The Pinkas Synagogue

Tourists lined up to enter the Pinkas Synagogue and the Old Cemetery

My visit in 2000 to the Pinkas Synagogue on Siroka street in Josefov, the old Jewish quarter in Prague, was a most moving experience. Every inch of the interior stone walls of the synagogue are inscribed with the names of the 77,297 Jews from Bohemia and Moravia who died in the Holocaust. Most of them were sent first to the ghetto set up by the Nazis in the old military garrison in Theresienstadt, now called Terezin, and were then transported to the death camp at Auschwitz in Poland where they were murdered in the gas chambers.

Upstairs there is a heart wrenching exhibit of drawings and paintings done by the children in Theresienstadt while they were awaiting transportation to the Auschwitz gas chambers. Inexplicably, the Nazis carefully preserved their artwork, which is now in a permanent exhibit entitled "Children's Drawings from Terezin 1942 - 1944."

The children were given art lessons by Friedl Dicker-Brandejsova in a school which the Nazis allowed the Jews to organize at Theresienstadt. There are many drawings done by different children on the same theme, so one can see that the children were receiving instruction and guidance in their artwork. There were 10,000 children, mostly orphans, sent to Theresienstadt by the Nazis, and The Jewish Museum has over 4,000 of their original drawings and paintings done in the ghetto.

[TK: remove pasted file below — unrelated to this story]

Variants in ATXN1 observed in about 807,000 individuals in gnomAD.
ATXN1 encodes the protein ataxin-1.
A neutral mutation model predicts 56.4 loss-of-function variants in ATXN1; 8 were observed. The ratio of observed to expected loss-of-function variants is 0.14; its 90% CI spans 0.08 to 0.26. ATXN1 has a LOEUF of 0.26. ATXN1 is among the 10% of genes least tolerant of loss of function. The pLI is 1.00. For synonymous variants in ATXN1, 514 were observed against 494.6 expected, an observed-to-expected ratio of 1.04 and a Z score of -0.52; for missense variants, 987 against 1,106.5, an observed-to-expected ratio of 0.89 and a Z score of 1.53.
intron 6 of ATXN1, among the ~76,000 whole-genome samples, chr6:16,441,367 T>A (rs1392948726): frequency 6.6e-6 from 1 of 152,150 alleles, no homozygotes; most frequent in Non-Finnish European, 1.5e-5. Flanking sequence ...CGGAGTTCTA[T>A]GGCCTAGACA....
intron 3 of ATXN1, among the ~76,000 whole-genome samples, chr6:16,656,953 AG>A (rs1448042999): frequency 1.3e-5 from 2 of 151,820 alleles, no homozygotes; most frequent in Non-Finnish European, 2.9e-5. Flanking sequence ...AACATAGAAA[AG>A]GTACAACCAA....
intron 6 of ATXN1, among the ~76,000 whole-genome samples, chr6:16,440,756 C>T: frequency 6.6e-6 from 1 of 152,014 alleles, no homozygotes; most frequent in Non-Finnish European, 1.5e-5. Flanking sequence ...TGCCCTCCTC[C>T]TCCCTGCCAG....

The Pinkas Synagogue was founded by Aaron Meshullam Horowitz who had it built in 1535 between his house and the Old Cemetery wall. The building juts out from the cemetery wall and is below the present street level. Inside, there is a small courtyard with two doors, one to the synagogue, and the other to the Old Cemetery. A tree is growing right by the entrance inside the courtyard.

The Pinkas Synagogue was first turned into a memorial to the Czech Holocaust victims in 1958. Ten years later, following the Six Day War in Israel in 1967, the Communist government of Czechoslovakia closed the memorial and removed the names from the wall. After the fall of Communism in 1989, the names were painstakingly rewritten on the walls of the synagogue between 1992 and 1996.

Rear of Pinkas Synagogue with graffiti on walls of cemetery